Posted: Feb 18 2015
by: Liz Ross

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Chinese New Year


In the decorative arts, a bird is rarely just a bird and a flower seldom represents a simple flower. These evocative symbols conjure different narratives, ideas, and emotions according to the context in which they are portrayed and the viewer who observes them. That is what makes them so powerful.

Chinese decorative arts, one of the practices that informs our snow globes, has a strong symbolic tradition, invoking history, myth, and the human condition. In honor of the Chinese New Year, we’ve explored the hidden symbolism contained in some of the flora planted in our snow globes:  

Cherry Blossom: Though often associated with Japanese ideas of simplicity and hope, cherry blossoms also have a strong tradition in China, where they symbolize power, feminine beauty, and sexuality.
Lily: The lily represents innocence, among other traits. The flower is traditionally presented to young women on their wedding days because the flower is associated with a story of 100 years of unity.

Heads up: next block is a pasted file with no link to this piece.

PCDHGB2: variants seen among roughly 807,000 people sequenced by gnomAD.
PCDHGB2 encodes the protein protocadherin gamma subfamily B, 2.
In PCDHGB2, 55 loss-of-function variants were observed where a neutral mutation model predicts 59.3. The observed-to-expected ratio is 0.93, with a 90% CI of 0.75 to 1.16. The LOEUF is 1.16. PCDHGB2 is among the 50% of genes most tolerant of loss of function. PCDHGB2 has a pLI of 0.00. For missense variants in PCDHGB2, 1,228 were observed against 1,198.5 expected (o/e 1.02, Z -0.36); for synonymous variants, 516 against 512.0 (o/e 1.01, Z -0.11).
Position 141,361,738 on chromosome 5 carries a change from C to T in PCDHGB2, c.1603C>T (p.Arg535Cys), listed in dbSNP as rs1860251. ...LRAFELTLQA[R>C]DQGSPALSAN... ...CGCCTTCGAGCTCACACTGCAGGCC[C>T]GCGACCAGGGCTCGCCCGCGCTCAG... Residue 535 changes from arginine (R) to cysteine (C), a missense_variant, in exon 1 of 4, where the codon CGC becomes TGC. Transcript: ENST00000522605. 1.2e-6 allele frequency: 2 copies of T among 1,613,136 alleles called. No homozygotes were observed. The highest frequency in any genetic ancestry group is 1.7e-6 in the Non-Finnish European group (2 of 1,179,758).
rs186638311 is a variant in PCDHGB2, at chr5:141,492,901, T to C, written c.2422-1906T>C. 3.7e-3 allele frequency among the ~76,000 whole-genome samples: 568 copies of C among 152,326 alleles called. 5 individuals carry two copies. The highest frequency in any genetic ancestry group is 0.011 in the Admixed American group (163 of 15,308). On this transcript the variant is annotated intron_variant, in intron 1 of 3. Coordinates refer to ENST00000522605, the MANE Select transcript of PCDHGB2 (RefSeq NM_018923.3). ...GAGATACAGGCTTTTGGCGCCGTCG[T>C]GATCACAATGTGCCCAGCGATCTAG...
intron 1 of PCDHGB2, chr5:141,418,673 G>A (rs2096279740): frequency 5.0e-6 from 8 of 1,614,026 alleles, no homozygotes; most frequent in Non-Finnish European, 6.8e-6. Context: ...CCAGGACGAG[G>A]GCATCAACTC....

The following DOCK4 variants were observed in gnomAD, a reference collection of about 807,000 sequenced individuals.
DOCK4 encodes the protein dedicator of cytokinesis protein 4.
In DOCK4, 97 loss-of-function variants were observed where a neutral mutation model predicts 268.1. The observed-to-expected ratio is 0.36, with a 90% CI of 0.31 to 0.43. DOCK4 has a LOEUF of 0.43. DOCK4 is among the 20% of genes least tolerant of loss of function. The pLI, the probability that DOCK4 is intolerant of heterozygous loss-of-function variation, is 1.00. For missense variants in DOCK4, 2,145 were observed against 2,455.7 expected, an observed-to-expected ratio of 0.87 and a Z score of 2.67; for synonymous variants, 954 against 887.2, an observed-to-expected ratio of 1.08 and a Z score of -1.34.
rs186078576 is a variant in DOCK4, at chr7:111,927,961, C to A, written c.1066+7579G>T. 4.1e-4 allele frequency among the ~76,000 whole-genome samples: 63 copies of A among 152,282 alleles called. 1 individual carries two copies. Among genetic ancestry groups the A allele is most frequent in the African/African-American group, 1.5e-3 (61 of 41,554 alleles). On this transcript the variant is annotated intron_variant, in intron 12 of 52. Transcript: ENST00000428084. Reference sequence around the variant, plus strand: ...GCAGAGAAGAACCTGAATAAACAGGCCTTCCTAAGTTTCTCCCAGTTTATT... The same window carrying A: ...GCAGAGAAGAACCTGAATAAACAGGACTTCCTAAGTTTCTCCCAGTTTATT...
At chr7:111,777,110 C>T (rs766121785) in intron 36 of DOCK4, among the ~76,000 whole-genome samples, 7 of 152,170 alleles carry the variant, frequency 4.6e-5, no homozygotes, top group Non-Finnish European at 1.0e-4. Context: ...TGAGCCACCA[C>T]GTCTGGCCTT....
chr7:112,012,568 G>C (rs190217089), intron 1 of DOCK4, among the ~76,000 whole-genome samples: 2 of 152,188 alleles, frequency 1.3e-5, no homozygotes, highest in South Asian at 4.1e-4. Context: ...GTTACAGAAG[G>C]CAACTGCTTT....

Pine Tree: The pine tree contains many meanings, including longevity, dedication, self-discipline, and endurance. Chinese art often portrays the pine tree with other symbols of resilience, such as the peach, the god Sau (god of longevity), and deer.
Lotus: A symbol closely tied to Buddha in the Buddhist tradition, the lotus represents purity. It is one of the Eight Buddhist Symbols of good fortune, an attribute of He Xian Gu of the Eight Immortals. Its various component parts also contain their own meanings—the flower associated with enlightenment, the seeds tied to prosperity and offspring, and the stem representing a link to origins.

 

Happy Chinese New Year!


To explore more symbolism in Chinese decorative arts, visit nationsonline.org